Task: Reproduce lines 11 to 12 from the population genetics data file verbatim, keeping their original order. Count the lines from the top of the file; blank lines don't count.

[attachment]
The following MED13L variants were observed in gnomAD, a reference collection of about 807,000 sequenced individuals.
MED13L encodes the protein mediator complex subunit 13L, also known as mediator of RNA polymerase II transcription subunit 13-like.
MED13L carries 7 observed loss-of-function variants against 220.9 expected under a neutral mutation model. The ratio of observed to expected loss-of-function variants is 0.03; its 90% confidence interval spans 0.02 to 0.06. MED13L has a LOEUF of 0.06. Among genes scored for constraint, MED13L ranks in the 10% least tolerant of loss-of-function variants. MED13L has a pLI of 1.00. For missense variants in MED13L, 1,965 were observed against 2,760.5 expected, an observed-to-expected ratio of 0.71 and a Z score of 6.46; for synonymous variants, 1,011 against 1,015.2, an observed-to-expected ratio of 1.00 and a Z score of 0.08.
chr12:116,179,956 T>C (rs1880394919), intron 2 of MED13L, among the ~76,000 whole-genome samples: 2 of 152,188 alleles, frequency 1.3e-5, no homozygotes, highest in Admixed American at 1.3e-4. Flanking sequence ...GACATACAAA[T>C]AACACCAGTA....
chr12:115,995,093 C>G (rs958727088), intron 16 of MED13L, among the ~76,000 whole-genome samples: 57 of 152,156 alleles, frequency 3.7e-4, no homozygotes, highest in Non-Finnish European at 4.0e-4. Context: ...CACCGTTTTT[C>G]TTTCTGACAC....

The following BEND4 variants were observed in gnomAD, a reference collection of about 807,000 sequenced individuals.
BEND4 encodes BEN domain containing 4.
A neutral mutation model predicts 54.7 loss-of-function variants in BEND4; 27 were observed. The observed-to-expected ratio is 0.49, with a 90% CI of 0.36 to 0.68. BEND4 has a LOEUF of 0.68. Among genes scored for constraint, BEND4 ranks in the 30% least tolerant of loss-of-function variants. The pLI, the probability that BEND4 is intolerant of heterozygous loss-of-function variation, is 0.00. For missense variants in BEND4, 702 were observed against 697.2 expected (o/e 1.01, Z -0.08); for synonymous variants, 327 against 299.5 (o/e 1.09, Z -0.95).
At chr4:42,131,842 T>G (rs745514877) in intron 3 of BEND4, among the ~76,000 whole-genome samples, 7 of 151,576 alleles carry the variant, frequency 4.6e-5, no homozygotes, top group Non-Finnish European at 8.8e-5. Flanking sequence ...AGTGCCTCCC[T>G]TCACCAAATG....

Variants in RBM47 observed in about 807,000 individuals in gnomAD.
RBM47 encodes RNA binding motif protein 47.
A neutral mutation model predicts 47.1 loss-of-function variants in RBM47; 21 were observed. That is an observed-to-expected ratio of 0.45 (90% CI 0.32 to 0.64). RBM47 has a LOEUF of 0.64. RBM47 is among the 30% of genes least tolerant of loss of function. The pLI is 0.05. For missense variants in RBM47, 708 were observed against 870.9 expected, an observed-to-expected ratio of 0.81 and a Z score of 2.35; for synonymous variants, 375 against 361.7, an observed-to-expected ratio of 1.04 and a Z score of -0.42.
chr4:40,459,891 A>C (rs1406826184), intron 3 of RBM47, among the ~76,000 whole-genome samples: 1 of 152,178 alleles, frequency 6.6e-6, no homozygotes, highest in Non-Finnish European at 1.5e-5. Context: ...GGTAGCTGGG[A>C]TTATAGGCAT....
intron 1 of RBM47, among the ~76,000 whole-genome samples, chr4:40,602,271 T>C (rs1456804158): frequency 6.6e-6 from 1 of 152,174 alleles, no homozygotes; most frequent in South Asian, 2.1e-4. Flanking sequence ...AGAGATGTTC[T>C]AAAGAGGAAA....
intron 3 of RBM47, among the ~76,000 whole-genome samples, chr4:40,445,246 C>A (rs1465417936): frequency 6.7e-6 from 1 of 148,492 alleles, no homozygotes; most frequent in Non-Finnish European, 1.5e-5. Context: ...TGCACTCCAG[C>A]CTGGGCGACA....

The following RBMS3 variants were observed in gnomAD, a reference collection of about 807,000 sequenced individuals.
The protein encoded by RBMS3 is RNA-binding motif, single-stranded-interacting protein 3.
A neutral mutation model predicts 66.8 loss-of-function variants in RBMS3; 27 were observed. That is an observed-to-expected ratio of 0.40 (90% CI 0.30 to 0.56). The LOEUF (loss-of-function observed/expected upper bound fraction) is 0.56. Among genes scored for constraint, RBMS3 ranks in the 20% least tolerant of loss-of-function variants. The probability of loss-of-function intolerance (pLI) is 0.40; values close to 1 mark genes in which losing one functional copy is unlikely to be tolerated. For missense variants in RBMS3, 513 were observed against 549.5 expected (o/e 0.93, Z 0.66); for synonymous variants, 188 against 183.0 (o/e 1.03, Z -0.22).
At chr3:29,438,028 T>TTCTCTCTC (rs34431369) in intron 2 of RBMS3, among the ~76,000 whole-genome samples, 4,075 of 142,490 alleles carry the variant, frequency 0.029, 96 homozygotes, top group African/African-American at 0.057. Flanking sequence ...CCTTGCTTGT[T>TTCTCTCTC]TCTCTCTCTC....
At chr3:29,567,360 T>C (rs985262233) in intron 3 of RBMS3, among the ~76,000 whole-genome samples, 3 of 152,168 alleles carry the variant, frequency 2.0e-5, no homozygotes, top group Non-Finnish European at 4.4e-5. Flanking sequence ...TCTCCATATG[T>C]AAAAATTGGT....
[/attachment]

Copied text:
RBM47 encodes RNA binding motif protein 47.
A neutral mutation model predicts 47.1 loss-of-function variants in RBM47; 21 were observed. That is an observed-to-expected ratio of 0.45 (90% CI 0.32 to 0.64). RBM47 has a LOEUF of 0.64. RBM47 is among the 30% of genes least tolerant of loss of function. The pLI is 0.05. For missense variants in RBM47, 708 were observed against 870.9 expected, an observed-to-expected ratio of 0.81 and a Z score of 2.35; for synonymous variants, 375 against 361.7, an observed-to-expected ratio of 1.04 and a Z score of -0.42.